Friday, May 16, 2014
A woman told me the other day that she had just come back from Oaxaca and had the worst food she's ever eaten in Mexico. This was the first time I've heard that the food in Oaxaca was anything but wonderful.
As you know by now, my own Oaxaca experience was very different. In fact, it was nothing short of transforming.
So what accounts for the difference between a good experience and a bad one?
I spent weeks reading about the food in Oaxaca. I knew exactly what to expect when I got there. I used phone apps and read every internet article and guidebook I could get my hands on.
More importantly, I asked more than a few people where I should eat. Not people who had been to Oaxaca ten years ago but people who were there in the past year.
I read food blogs because the information is current and will steer you in the right direction when it comes to finding great food. If you’re lucky, you’ll find a food blogger with parallel tastes who covers the city extensively.
I email both chefs and food bloggers with specific questions. I usually have a lot of them and they almost always answer.
When I get to a city, I follow the crowds, ask a million questions and read local papers and magazines. I also read between the lines and always consider the source of my information.
I am the first person to admit that you can never have too much information when it comes to making a food choice.
I have a meal plan when I get to a city. Most menu's are online so I pretty much decide what I'm going to eat ahead of time. In most cases, I've memorized the menu and am familiar with the chef. I do remain flexible and always ask the waiter for specific recommendations and specials. 80% of the time I go with what I pre-selected.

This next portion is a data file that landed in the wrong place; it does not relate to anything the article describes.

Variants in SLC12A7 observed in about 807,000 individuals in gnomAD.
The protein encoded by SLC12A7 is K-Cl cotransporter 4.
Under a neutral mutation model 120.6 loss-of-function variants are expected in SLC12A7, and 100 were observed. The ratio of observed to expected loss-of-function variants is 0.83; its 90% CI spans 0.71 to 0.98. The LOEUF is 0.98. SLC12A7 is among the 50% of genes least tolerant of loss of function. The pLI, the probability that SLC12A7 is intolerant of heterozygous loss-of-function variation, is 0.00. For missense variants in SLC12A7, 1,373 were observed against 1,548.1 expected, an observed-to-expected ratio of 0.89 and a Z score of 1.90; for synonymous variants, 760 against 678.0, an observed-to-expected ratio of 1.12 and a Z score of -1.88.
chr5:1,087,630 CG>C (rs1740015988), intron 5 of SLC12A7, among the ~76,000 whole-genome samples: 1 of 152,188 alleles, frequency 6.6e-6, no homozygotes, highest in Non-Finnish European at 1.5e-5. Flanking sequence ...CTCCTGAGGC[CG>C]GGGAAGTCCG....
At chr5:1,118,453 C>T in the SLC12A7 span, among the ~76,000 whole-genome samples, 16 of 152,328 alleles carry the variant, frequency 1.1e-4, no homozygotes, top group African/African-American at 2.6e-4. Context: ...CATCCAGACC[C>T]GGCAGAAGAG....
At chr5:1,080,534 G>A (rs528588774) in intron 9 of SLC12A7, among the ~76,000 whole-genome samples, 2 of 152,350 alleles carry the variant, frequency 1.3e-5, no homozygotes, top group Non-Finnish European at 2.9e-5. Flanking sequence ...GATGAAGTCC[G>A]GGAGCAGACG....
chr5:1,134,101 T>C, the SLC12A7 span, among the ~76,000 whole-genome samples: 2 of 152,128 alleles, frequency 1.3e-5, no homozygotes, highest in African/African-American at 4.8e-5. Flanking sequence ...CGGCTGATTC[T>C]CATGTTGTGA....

I seldom order the least or most expensive item on the menu unless a half a dozen or more people have told me it can't be missed.
Half the fun of traveling is exploring local markets and grocery stores. We ate a lot of our meals on the balcony of our hotel in Paris because we found such good food and wine buys in the local markets.
Don't forget to make lunch your main meal. Most people in other countries do so you'll fit right in with the locals.
I frequently ask for a hotel room upgrade to the concierge level, where continental breakfast and afternoon drinks are included. Even if I can't get an upgrade for free, sometimes the cost differential is less than what you pay for the extra meals.
Remember, many bars offer free food during happy hour. In Spain for instance, tapas are always served whenever you order a drink.
If you do your research before you go you'll always have great food experiences.
And, no matter what you do on the road, don't forget to splurge. It's the one thing I always do...at least once.
Posted by Susan York at 10:34 AM